A:

It is estimated that institutional pension funds in the United States typically have about 5% to 10% of their assets allocated to real estate investments, primarily commercial real estate. That estimate may be somewhat low, however, for two reasons. First, some calculations of pension fund investments only include direct investments in real estate; they do not include equity shares of real estate companies' stocks. Second, pension fund managers have indicated an increased desire for real estate investments in the low-interest-rate environment following the 2008 financial crisis. This desire is further fueled by indications that prices in the residential sector and commercial real estate sector have bottomed out and are beginning to rise.

Investments in real estate by pension funds might well be substantially larger if the majority of pension funds were not too small to have sufficient investment capital for direct investment in large commercial real estate projects. Nonetheless, pension fund investments continue to grow, as real estate is increasingly viewed by fund managers as representing a very favorable risk-adjusted return on investment. Additionally, real estate is seen as an inflation hedge. The current low yields available on bonds are another factor driving fund managers toward increased asset allocation to real estate investments.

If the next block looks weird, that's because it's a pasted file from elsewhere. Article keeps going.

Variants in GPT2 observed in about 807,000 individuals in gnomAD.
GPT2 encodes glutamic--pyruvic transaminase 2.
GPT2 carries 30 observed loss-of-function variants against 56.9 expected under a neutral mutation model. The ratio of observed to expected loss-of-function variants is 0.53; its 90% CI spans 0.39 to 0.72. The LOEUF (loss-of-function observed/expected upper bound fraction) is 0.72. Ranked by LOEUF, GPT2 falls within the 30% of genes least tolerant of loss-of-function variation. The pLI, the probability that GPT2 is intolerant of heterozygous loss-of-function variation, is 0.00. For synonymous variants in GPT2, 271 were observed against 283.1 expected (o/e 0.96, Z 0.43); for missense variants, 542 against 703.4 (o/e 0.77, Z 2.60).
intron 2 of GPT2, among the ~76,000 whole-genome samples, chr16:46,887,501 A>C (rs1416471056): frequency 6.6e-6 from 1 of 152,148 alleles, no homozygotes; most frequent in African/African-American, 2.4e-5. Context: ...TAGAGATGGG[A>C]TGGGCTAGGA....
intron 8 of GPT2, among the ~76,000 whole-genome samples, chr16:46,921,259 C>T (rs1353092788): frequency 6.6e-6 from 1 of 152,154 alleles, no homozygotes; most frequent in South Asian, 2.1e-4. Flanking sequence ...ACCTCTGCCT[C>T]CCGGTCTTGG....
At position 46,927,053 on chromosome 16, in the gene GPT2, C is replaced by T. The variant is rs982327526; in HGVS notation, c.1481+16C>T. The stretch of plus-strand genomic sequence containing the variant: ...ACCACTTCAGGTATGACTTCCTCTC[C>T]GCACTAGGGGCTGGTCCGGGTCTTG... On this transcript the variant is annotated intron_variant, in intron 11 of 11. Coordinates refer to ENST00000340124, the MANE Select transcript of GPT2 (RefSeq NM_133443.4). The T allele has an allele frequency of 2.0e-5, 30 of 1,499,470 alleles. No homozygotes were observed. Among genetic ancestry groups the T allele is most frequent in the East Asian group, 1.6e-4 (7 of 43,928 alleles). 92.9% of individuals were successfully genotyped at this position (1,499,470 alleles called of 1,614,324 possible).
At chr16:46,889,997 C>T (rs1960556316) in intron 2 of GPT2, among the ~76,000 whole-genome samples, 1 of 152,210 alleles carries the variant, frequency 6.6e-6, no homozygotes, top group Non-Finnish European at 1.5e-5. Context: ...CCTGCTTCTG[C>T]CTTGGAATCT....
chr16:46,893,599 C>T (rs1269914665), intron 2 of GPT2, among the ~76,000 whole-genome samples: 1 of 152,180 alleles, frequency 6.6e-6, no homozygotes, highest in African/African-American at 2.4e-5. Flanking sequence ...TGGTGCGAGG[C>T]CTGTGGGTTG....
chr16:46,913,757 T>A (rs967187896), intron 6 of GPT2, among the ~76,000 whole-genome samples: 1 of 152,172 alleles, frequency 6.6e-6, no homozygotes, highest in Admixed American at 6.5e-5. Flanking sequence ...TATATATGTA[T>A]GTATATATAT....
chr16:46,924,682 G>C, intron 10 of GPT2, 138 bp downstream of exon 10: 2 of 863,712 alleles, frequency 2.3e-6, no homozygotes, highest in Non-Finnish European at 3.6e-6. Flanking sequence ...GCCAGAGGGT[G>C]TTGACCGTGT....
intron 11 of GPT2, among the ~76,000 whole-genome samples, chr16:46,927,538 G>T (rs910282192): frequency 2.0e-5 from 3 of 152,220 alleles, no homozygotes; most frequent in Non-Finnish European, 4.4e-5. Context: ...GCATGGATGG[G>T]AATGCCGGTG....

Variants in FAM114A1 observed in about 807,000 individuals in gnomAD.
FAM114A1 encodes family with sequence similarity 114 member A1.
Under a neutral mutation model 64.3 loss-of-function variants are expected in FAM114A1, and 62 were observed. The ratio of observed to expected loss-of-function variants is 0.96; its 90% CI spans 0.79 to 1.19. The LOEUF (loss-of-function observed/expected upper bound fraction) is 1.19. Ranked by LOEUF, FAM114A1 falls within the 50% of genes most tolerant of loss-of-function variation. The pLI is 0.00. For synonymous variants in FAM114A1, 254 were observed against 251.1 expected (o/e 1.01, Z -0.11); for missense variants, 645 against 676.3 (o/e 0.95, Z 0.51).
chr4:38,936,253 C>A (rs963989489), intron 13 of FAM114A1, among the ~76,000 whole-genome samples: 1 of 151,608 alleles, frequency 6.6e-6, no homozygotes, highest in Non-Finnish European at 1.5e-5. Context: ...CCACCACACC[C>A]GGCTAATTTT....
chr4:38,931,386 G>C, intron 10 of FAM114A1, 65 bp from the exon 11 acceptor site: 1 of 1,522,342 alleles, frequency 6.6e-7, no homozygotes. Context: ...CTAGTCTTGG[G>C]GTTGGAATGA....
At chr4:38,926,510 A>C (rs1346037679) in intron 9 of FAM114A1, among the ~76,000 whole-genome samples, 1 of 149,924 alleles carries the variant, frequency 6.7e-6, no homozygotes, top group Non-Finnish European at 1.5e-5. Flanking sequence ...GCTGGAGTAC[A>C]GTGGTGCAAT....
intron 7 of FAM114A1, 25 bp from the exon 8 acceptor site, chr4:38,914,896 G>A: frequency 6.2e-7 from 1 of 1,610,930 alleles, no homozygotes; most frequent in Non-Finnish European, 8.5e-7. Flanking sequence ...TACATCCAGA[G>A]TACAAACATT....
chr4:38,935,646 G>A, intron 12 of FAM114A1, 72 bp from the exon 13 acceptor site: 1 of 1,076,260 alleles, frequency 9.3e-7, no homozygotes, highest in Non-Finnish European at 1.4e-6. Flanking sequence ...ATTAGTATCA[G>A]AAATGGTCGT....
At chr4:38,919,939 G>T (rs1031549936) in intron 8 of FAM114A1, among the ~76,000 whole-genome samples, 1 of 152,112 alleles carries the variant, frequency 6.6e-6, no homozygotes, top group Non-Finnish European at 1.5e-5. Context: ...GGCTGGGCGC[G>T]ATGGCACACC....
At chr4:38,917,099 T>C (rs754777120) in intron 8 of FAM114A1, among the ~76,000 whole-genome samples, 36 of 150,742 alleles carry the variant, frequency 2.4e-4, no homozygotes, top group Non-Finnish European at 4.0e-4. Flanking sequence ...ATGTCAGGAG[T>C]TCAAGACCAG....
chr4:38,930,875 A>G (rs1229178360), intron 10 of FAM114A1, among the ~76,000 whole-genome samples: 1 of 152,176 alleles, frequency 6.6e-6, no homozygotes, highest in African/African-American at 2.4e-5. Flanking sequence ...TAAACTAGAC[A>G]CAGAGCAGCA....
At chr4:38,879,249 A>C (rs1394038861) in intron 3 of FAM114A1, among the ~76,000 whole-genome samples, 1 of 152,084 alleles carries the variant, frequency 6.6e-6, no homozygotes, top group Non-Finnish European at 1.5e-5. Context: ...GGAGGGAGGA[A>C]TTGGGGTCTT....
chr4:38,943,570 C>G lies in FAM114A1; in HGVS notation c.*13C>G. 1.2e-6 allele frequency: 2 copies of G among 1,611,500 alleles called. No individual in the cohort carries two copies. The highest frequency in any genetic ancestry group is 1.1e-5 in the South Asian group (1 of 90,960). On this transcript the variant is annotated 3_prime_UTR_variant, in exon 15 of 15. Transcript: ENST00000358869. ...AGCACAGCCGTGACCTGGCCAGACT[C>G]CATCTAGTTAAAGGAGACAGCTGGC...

Pension funds are a very important factor in the overall investment market, as they make up the largest part of institutional investments. As of 2014, they are estimated to account for nearly 40% of professionally managed assets, and their combined holdings add up to over $10 trillion in total investment capital. Pension funds in the United States are governed by the Employee Retirement Income Security Act, or ERISA, of 1974. In the past, pension fund managers have often seen real estate as mainly a high-potential, capital-appreciation investment. That view has recently become augmented with a perspective on real estate as a steady income-producing asset.


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